Dublin's tech tigerland


Economic crisis? What’s that? Young Europeans are flocking to Dublin to work in the mini boom town created by Facebook, Google, PayPal and others

Dublin 2013: a booming industry. Hundreds of young people signing contracts for new jobs with decent salaries. They have perks, bonuses and brilliant social lives. They recommend their friends for jobs, and they get hired too. Friday-night beers top off another great week. Here’s to the weekend, when they take off down the country to go surfing or pub-crawling in Cork and Galway.

Apparently some kind of economic crisis is going on, but in Dublin’s tech sector, where Facebook, Google, Twitter, LinkedIn, eBay, PayPal and Microsoft reign, the only way is up.

Emigration is inevitable for many Irish graduates, but multibillion-dollar tech companies taking advantage of Ireland’s low corporate-tax rate are about immigration. Young Europeans are moving to Dublin to bask in a mini boom town, encouraged by a determined recruitment drive.

Grand Canal Dock, Dublin’s most prosperous district, wears this success well. Daniel Libeskind’s theatre sits in the same neighbourhood as a bring-your-own-beer warehouse that hosts parties; rollerbladers grind on benches next to restaurants serving perfect brunches. Positivity seeps from Facebook and Google’s office blocks.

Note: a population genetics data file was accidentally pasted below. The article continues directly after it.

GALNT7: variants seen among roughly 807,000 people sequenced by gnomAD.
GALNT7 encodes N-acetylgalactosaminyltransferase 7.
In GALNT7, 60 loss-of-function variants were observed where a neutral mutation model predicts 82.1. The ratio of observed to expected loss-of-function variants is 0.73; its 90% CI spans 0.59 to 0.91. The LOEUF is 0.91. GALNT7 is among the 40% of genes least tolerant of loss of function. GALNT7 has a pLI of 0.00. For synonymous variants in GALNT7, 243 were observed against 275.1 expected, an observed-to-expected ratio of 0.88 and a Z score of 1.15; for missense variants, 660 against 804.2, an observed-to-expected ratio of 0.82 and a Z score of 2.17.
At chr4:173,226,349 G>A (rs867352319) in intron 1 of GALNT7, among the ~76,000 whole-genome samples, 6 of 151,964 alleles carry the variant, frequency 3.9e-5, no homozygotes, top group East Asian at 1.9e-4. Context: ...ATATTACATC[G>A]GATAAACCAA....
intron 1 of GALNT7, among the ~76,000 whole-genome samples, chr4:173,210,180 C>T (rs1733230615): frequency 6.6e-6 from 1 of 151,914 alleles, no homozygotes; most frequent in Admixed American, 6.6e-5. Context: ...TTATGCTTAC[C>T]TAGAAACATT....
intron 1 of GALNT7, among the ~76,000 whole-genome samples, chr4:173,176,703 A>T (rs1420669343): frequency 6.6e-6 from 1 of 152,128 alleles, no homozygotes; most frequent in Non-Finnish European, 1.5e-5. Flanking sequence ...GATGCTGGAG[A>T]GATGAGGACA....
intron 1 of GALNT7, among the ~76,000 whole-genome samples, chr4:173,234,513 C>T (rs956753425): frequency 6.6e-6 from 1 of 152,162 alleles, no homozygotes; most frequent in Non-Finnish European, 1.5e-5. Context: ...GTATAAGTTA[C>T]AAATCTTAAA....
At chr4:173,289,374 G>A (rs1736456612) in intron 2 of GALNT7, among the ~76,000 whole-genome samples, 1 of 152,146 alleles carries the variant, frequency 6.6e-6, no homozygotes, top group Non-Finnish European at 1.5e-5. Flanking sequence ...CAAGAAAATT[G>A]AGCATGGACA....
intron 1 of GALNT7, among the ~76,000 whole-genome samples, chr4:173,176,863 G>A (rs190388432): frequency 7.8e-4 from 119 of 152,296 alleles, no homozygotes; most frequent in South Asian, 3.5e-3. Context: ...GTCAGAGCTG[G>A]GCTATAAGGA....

Skating in the corridor

At Facebook’s European headquarters, on Hanover Quay, 25 languages are spoken. Employees get 25 days’ holiday a year, not including public holidays. New parents are offered not only 26 weeks paid maternity but also two weeks’ paid paternity leave. The company pays for monthly gym membership and health insurance, with reductions for dependents. As at Google, meals and snacks are free.

It’s a good deal, and the people working there know it. Young Europeans stroll around in casual clothes, cracking jokes, walking past an office wall graffitied by visitors.

And people skate down the corridor. Ziad Traboulsi, a 24-year-old from Beirut, grabs a weird-looking skateboard by the lift. “Have you tried this one yet?” he asks Mats Lyngstad, also 24, from Trondheim, in Norway. “No, I haven’t tried that one.” That particular skateboard is “a Facebook thing”, Tradoulsi says. He moved here in September 2010. Four people he recommended for jobs have been hired.